Evaluation of advocacy service at St Joseph’s Hospice, Hackney.
Background It is estimated that 1.7 million (22%) of London residents do not speak English as their main language. In boroughs such as Newham this figure rises up to 41% of residents. (2011 Census). Newham University hospital has an extensive healthcare advocacy service to meet local need and it also provides advocates to interpret consultations at St Joseph’s Hospice.
Aim This project aimed to assess the impact of working at St Joseph’s Hospice upon healthcare advocates.
Method 12 healthcare advocates were interviewed individually at St Joseph’s hospice using a questionnaire. Their experience of hospice work was assessed. Their opinion was sought on whether they found working in a hospice different to the hospital setting, the emotional burden, the structure of the consultations, and episodes of culturally insensitivity. They were also asked if they would like additional training or support to undertake hospice work.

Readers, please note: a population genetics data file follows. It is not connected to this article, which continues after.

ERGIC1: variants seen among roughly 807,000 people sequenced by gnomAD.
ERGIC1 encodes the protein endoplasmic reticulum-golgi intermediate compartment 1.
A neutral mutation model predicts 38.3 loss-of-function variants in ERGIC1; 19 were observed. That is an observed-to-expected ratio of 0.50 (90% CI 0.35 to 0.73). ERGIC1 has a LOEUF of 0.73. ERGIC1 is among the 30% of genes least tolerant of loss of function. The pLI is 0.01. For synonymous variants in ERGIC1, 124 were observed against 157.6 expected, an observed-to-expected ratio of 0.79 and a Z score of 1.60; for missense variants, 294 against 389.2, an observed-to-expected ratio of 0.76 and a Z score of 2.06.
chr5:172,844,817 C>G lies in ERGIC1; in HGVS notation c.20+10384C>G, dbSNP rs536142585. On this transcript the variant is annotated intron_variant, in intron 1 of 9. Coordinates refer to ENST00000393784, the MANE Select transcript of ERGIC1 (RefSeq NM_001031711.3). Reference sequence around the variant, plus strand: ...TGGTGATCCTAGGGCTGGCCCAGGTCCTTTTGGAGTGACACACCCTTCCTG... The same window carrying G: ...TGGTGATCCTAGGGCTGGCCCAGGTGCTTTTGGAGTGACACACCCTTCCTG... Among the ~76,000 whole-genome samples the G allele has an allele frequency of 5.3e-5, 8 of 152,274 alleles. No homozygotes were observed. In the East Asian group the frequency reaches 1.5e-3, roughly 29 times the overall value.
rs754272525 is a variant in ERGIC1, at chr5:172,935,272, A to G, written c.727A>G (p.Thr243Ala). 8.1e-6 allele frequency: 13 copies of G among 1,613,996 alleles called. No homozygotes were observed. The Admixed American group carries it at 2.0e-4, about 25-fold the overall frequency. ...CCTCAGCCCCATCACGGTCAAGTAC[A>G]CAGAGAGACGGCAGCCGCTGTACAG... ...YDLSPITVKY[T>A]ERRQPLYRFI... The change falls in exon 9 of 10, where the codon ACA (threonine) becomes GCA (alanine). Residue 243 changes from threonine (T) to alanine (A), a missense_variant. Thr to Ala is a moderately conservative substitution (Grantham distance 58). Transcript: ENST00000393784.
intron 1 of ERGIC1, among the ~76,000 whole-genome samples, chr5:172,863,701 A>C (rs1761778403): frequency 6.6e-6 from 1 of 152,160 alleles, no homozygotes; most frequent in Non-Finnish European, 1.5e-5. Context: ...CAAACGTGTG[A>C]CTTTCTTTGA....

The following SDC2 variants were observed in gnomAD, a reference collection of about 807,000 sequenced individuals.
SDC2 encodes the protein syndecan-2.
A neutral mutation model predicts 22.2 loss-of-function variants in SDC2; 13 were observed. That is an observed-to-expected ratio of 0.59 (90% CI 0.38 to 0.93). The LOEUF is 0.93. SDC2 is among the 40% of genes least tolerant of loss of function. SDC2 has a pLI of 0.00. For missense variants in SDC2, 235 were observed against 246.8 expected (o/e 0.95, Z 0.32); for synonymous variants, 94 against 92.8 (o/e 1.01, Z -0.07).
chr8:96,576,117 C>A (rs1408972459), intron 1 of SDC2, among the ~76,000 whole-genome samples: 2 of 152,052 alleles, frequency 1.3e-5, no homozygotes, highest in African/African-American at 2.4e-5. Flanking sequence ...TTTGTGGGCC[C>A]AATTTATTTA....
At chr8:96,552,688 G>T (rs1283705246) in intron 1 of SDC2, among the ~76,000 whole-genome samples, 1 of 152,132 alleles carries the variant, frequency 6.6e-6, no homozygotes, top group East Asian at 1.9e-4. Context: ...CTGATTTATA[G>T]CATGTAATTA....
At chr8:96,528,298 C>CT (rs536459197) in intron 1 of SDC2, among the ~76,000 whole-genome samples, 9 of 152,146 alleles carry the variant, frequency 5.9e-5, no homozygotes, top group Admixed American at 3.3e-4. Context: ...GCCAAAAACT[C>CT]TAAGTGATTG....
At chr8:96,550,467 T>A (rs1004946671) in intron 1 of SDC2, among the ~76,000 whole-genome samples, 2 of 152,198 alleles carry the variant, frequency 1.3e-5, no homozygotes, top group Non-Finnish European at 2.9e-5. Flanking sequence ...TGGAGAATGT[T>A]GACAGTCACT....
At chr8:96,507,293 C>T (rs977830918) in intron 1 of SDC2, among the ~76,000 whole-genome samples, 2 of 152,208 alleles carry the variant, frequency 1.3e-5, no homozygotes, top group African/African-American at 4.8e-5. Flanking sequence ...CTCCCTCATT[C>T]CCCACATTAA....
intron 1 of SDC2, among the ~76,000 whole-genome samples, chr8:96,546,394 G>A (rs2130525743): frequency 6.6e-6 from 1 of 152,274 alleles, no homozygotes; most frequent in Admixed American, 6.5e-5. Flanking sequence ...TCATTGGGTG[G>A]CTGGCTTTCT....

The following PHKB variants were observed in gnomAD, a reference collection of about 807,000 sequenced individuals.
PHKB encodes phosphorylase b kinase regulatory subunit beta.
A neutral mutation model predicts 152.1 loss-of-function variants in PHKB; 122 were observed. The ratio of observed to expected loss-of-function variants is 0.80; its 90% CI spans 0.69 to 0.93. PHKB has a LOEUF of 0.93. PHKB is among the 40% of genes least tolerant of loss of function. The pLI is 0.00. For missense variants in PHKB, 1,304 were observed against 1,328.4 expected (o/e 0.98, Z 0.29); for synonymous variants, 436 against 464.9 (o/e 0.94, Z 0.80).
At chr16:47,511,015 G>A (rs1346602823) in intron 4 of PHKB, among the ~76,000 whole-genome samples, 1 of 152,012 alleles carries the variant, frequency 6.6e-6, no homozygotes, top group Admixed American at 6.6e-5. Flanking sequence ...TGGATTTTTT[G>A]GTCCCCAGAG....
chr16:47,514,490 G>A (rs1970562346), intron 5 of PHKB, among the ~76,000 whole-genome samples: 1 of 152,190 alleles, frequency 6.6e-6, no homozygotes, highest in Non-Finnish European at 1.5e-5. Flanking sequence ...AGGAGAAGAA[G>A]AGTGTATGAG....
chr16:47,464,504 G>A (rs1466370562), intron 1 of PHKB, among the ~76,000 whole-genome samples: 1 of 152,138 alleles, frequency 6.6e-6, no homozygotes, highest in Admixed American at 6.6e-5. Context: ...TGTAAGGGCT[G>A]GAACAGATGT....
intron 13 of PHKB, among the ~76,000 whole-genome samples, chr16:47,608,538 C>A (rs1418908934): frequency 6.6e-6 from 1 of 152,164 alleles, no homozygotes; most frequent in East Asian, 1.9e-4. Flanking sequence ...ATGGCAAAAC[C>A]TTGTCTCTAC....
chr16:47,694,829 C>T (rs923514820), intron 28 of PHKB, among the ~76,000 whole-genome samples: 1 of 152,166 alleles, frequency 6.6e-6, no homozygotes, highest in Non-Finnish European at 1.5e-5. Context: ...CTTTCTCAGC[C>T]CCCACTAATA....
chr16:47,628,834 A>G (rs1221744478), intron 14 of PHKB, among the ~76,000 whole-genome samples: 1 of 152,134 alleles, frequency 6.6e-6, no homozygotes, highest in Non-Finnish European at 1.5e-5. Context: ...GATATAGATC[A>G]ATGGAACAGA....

Results The advocates enjoyed hospice work but most (11/12) found it emotionally challenging. They felt unclear about how to balance professionalism and emotion whilst breaking bad news and often worried about the patient and their family later in the day. They were keen to promote continuity with the same advocate interpreting for a patient or family and to be considered part of the healthcare team. They had no formal system for emotional support and a majority requested this (11/12) plus additional training (9/12).
The advocates also reported that greater structure to the consultation process would be helpful. 7/12 felt they had observed inadvertent cultural insensitivity.
Outcomes We are liaising with the advocacy team about communication skills & emotional resilience training. Guidelines for undertaking consultations with advocates have been written. The impact of these upon advocate consultations and patient care will need to be evaluated in due course.
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